In autumn it usually originated in a warrior's dream in which the Morning Star appeared and directed him to capture a suitable child victim. Supposedly the dreamer went to the keeper of the Morning Star bundle and received from him the warrior’s costume kept in it. He then set out, accompanied by volunteers, and made a night attack upon an enemy village. Yes, their sacrifice was a child, a young girl, from an enemy tribe.

As soon as a girl of suitable age was captured the attack ceased and the party returned. The girl was dedicated to the Morning Star at the moment of her capture and was given into the care of the leader of the party who, on its return, turned her over to the chief of the Morning Star.

Once returned to the village, the people kept her isolated from the rest of the camp. If it was spring and time for the sacrifice, she was ritually cleansed. Once that took place, a four-day ceremony was begun around her.

The Morning Star priest would sing songs and the girl was "symbolically" transformed from human being of flesh and blood to that which is suitable to be among the celestial bodies. Yes, she became the ritual representation of the Evening Star. Understand that they did not see her as someone impersonating the deity, but instead as someone who had actually become an earthly embodiment of their goddess Atira the Evening Star. 

On the final day of the ceremony, it is said that a huge procession of men, boys and even women carrying male infants accompanied the girl outside the village to where the men had raised a scaffold to restrain her. Supposedly they used sacred woods and skins, and the scaffold represented the "Evening Star's garden in the west, the source of all animal and plant life." 

The priests removed her clothing and the procession was timed so that she would be left alone on the scaffold at the moment the Morning Star rose. When the Morning Star appeared, two men came from the east with flaming brands and branded her in the arm pits and groin. 

Four other men then hit her with war clubs. And then, the man who had captured her would run forward with the bow from the Skull bundle and a sacred arrow and shot her through the heart while another man struck her on the head with the war club from the Morning Star bundle. 

The officiating priest then opened her breast with a flint knife and smeared his face with the blood while her captor caught the falling blood on dried meat. All the male members of the tribe then pressed forward and shot arrows into the body. They then circled the scaffold four times and then left.

Believe it or not, it wasn't over yet. The Pawnee believed that to fulfill the "creation of life" ceremony, the men of the village would take on the role of the Morning Star. In that two men would come from the East with flaming brands, representing the sun. The men acted out the violence which had allowed the Morning Star to mate with the Evening Star. They did this "by breaking her vaginal teeth" in their creation story with a "meteor stone."

Yes, this was not simply some stabbing of a sacrificial lamb here. This was the captive being shot in the heart and a man would strike her on the head with the war club from the Morning Star bundle. Then by having all the men in the village shoot arrows into her body, supposedly it was believed that the village men were thought to be symbolically mating with the Morning Star.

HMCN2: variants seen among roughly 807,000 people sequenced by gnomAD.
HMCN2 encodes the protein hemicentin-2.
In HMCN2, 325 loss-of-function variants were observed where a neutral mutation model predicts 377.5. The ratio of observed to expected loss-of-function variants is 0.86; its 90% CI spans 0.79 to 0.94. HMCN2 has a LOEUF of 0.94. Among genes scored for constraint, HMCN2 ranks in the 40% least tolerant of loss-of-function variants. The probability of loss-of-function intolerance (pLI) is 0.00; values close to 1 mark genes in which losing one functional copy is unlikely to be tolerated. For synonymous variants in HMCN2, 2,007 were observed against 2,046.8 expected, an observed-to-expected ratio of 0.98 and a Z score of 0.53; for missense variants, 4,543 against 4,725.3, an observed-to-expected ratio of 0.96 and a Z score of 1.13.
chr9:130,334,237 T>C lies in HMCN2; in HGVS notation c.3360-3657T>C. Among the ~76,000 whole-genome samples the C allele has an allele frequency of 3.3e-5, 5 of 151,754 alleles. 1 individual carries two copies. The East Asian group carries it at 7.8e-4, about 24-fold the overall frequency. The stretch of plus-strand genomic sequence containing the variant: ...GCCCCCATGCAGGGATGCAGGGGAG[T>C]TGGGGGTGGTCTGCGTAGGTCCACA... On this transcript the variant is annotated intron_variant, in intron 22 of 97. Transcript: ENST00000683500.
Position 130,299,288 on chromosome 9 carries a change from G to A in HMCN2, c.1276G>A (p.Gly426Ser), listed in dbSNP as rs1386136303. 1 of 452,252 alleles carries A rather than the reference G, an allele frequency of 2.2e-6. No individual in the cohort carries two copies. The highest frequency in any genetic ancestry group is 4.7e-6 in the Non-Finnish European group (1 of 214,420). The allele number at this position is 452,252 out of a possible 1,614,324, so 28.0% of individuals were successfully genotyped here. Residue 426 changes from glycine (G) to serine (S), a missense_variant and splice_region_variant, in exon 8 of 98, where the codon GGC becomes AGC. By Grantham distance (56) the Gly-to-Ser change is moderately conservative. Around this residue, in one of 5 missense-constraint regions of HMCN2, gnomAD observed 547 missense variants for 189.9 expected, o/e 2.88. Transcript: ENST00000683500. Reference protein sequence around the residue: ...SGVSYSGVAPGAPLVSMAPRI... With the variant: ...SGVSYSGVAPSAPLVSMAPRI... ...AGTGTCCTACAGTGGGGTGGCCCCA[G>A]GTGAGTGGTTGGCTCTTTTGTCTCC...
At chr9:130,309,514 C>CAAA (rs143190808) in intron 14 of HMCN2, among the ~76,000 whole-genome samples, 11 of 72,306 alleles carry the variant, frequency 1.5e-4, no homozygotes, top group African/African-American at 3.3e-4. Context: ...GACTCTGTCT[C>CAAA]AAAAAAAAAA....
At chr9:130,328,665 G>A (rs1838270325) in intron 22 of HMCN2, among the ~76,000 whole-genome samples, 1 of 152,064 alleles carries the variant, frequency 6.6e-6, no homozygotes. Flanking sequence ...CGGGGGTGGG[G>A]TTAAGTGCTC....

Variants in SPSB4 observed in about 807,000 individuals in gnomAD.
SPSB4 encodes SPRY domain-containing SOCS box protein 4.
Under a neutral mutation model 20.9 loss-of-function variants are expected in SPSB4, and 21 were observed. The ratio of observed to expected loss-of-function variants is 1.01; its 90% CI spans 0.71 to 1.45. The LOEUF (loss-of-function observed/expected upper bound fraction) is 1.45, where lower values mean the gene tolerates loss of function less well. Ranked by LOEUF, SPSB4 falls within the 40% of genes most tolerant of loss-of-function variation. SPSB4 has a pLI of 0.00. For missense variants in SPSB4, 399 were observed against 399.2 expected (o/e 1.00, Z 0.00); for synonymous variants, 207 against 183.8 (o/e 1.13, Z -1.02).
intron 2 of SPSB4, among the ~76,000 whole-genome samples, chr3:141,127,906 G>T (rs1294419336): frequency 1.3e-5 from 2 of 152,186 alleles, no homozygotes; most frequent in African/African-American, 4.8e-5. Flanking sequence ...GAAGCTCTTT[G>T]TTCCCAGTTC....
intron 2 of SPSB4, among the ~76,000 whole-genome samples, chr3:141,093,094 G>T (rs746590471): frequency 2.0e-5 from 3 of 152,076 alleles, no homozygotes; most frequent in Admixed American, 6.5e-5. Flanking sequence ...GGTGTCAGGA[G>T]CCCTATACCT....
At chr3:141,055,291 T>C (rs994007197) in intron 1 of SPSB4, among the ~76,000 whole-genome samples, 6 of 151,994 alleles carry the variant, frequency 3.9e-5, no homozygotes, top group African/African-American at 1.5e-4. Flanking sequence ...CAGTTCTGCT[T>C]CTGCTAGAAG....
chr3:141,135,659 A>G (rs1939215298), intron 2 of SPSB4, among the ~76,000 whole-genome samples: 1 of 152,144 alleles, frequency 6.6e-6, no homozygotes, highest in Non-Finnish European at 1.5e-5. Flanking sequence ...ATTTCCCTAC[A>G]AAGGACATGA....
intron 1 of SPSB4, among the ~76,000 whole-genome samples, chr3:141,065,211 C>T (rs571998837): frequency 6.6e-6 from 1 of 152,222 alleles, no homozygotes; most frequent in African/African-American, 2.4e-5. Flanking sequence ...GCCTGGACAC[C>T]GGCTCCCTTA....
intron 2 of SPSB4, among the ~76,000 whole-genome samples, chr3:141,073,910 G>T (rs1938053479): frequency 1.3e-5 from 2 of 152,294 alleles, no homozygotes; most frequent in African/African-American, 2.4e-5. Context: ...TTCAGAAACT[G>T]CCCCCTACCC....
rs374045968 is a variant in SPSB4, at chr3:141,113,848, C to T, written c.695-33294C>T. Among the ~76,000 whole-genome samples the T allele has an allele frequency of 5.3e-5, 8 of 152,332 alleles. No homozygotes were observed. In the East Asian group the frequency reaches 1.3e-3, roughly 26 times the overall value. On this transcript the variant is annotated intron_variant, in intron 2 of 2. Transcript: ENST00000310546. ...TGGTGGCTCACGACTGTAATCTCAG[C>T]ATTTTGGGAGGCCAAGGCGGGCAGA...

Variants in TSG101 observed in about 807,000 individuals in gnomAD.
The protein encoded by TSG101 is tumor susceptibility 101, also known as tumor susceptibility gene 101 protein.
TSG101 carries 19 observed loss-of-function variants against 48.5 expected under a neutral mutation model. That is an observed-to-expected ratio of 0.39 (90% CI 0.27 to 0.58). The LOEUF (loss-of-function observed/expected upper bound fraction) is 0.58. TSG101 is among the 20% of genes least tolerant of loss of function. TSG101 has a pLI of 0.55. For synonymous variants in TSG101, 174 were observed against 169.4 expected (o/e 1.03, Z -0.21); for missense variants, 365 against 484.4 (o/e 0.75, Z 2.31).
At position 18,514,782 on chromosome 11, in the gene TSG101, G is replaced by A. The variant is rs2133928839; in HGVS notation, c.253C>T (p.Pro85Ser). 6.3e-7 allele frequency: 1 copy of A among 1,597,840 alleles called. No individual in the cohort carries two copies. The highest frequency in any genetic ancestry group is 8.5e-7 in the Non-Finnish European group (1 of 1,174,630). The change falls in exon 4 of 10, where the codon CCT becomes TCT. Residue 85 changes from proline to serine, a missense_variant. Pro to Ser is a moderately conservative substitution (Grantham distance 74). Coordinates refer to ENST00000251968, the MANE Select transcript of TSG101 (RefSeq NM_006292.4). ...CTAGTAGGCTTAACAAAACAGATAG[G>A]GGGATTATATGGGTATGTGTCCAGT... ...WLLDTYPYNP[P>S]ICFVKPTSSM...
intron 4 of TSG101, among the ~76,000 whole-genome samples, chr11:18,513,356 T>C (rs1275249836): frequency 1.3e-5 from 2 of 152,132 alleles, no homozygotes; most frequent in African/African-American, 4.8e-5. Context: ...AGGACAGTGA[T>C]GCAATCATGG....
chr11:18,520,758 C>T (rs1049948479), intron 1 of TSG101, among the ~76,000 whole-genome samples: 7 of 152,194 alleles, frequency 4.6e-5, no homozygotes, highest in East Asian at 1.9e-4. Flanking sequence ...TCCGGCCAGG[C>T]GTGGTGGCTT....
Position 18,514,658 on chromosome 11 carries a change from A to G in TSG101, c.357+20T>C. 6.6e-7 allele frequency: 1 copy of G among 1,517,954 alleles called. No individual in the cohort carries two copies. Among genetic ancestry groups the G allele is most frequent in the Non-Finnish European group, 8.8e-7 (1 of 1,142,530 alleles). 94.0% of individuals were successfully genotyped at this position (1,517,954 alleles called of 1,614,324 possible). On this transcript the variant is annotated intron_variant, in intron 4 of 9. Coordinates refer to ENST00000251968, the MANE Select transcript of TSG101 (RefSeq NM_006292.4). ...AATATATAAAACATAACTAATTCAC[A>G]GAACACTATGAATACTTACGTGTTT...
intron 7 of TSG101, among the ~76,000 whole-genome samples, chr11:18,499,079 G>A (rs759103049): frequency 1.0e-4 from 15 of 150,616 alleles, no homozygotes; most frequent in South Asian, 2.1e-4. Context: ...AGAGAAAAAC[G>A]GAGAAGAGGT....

Her blood would drip down from the scaffolding and onto the ground which had been made to represent the Evening Star’s garden of all plant and animal life.

Now one might think that they would now wrap the girl's body in some sacred cloth and raise her high onto a scaffold.

Actually no, after the sacrificial ritual, they simply took her body and lay the girl face down on the prairie. It was their belief that her blood would enter the earth and fertilize the ground. Supposedly the spirit of the Evening Star would be released and the men ensured the success of the crops, all life on the Plains, and the perpetuation of the Universe.

As horrible as it sounds, the Skidi Pawnee practiced the Morning Star Ritual regularly in the early 1800s. And yes, the news of the sacrifices reached the East Coast in the 1820s.  It is believed to have alarm with American settlers heading West. 

Pawnee chief Knife Chief is said to have ransomed at least two captives before sacrifice, but trying to change a practice tied so closely to belief in renewal of life for the tribe was difficult. Though that was the case, Indian agents sought to convince Pawnee chiefs, such as Knife Chief, to change their practices which was being objected to by the increasing number of American settlers on the Plains at the time. 

As far as getting the practice stopped, well as far as anyone knows, the last known Morning Star Ritual of human sacrifice was of a 14-year-old child, a Oglala Lakota girl named Haxti on April 22nd, 1838.

Yes, to anyone's knowledge, it was only in the late 1830s that the Skidi Pawnee stopped the practice of abducting girl children from an enemy tribe and using them in human sacrifice rituals. 

As for what made them stop? Who really knows. But frankly, while trying to change a religious practice tied so closely to their belief in renewal of life was difficult, it had to change for the better. And yes, I'm sure that the pressures applied from others who saw these acts as vile would have sooner or later forced the Pawnee to stop.

Whether they saw the errors of their ways, or they simply realized that their gods didn't need blood and the toll of human sacrifices, that episode of Pawnee Indian history does show us that even the worse of religious rituals can be done away with and replaced with something good.

It's lesson in ending barbaric acts is one that Muslims should learn. And frankly, they should learn it before the rest of the world becomes fed up with their ritualistic love of blood and murder and hate.

And yes, that's just the way I see it.
Tom Correa